You can say Google has been more in tune with the user than ever. And us SEOs who got ahead of Google, who foresaw where Google was going, are succeeding mightily. We don’t care about what the algorithm is now, we care about it for next week, next year, and so on.

M: How can you use language in order to cater to multiple user intents? That is, the use of one term or of certain phraseology may only be applicable to one type of user. How then can you consider multiple user profiles without sounding redundant?

S: If you’re focused on the user intent it’s about focusing on the content that fulfills that intent. Yes, we still look at the keywords like what are the core keywords and what are the ancillary keywords that fill out this topic. And that’s why I do keyword research. Not necessarily to get the exact phrasing being used but to understand the concepts and the meanings behind the words. And then I’ll find keywords that will really give people what they want and that’s where the related keywords come into play.

For example, if you’re talking about dog food but don’t mention the health and nutrition of your pet then you’re missing out and Google will then find articles that do mention those things as being more relevant for people searching for dog food.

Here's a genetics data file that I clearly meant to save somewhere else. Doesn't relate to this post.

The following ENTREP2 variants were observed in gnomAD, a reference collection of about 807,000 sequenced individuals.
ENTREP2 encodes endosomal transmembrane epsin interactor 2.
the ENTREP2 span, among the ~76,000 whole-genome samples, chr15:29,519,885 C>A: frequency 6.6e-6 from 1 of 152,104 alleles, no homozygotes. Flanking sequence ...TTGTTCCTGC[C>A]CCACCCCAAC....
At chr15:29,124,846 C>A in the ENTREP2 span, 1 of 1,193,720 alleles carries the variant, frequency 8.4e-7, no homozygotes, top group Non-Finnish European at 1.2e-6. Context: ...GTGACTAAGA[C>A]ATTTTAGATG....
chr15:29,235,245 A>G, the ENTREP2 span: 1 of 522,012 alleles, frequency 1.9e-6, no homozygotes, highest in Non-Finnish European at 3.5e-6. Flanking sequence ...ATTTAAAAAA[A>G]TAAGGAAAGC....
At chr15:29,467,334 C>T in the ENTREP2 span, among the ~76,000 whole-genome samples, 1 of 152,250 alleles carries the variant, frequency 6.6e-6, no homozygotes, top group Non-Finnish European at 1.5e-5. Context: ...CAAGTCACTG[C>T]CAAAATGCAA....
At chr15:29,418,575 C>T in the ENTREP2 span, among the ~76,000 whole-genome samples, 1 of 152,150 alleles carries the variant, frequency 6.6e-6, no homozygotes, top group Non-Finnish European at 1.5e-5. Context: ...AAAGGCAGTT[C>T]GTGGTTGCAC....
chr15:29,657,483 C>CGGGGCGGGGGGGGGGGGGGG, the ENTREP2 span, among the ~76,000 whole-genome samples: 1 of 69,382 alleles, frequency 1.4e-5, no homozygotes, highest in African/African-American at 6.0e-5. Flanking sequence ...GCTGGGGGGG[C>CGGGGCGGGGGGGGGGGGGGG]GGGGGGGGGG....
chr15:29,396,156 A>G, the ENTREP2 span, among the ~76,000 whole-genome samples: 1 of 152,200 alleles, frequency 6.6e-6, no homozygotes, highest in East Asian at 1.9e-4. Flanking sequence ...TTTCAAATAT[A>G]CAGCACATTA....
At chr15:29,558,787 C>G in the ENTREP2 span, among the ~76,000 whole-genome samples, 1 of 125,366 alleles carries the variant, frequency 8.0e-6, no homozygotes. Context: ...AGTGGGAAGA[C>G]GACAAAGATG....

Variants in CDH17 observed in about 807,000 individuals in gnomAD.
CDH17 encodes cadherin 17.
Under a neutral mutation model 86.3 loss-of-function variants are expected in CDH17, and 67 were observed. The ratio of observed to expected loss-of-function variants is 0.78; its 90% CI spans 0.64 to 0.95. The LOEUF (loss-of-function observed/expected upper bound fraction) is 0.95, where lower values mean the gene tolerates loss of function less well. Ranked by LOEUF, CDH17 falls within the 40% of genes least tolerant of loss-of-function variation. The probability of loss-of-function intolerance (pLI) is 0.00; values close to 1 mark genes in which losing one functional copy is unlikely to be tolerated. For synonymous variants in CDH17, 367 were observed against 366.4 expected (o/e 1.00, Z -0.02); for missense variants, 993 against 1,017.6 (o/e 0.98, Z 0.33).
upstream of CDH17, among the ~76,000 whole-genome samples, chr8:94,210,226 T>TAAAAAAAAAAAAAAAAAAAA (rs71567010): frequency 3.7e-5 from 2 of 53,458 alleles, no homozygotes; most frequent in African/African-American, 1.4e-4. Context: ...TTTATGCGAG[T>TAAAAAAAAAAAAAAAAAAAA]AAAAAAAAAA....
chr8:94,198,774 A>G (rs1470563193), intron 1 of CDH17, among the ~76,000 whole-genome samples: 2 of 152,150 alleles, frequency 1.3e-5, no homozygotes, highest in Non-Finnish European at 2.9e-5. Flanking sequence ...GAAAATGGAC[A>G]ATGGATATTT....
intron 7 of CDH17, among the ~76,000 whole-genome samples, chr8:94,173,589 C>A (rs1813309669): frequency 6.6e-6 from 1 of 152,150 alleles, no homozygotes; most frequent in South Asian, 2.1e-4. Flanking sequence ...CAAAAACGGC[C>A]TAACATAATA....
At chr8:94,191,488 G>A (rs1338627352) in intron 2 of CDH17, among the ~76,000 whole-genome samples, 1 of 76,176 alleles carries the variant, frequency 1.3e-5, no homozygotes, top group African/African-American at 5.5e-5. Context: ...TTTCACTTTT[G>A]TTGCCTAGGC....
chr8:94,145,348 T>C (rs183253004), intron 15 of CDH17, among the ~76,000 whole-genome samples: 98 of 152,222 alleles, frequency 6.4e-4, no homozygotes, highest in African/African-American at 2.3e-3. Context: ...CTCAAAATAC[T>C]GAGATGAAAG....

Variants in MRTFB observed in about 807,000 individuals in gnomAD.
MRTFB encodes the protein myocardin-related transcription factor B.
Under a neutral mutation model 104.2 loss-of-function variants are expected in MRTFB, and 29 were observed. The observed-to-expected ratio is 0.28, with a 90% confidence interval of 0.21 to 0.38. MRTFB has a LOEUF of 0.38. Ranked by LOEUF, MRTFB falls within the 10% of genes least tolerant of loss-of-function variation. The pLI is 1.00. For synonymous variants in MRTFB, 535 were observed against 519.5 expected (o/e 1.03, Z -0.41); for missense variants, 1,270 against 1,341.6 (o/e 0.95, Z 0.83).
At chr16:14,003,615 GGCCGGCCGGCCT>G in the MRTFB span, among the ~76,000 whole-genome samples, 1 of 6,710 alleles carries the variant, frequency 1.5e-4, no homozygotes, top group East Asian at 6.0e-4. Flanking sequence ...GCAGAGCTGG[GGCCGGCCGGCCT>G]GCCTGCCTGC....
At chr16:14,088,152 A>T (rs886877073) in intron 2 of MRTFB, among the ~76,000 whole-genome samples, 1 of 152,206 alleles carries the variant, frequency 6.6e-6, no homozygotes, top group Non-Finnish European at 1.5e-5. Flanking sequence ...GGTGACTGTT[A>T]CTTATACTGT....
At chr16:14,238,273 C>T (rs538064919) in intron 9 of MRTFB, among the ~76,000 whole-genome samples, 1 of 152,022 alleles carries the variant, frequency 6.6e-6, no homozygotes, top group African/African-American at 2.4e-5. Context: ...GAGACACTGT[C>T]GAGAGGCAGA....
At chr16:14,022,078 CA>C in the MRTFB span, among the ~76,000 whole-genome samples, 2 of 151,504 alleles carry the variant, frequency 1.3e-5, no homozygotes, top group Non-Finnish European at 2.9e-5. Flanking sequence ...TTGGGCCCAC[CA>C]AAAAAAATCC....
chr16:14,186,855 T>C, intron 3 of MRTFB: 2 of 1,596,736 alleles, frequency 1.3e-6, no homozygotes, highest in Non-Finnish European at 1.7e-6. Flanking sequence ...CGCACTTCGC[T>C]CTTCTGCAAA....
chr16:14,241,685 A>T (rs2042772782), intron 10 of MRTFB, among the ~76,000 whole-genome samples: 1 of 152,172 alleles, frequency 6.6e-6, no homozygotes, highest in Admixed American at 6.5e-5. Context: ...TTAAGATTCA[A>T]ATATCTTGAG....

M: Yeah, I recently wrote an article about this how keyword research has changed to the point that it’s about understanding content topically as opposed to just finding high volume search phrases in particular.

S: Years ago, you had one keyword and you would optimize that on the page and you had another keyword and you optimize that on the page. This was long before people started talking about topics. It’s not taking 5 phrases anymore. It’s taking 15, 20, 30, 40, or 50 phrases that are all extremely tied in relevancy. Maybe they’re different word orders or different tenses or different words with similar meanings. You can create a page that focuses on all of it without being repetitive or redundant because it’s all part of the natural language.

When doing keyword research you’re looking for all of these similarities and seeing how you can take one topic and break into smaller chunks with each of those chunks targeting a handful of very focused keywords with all of them very focused on content.

M: Yeah, you’re pretty prophetic about this. I saw you speak about this in 2017 long before everyone was on the bandwagon.

S: Yeah, and I’ve been doing it long before Hummingbird. We were just able to see the benefits of those changes.

M: So on this, at what point, from a UX perspective, would you say that a page is too topically broad and that you need to divide it into multiple pages?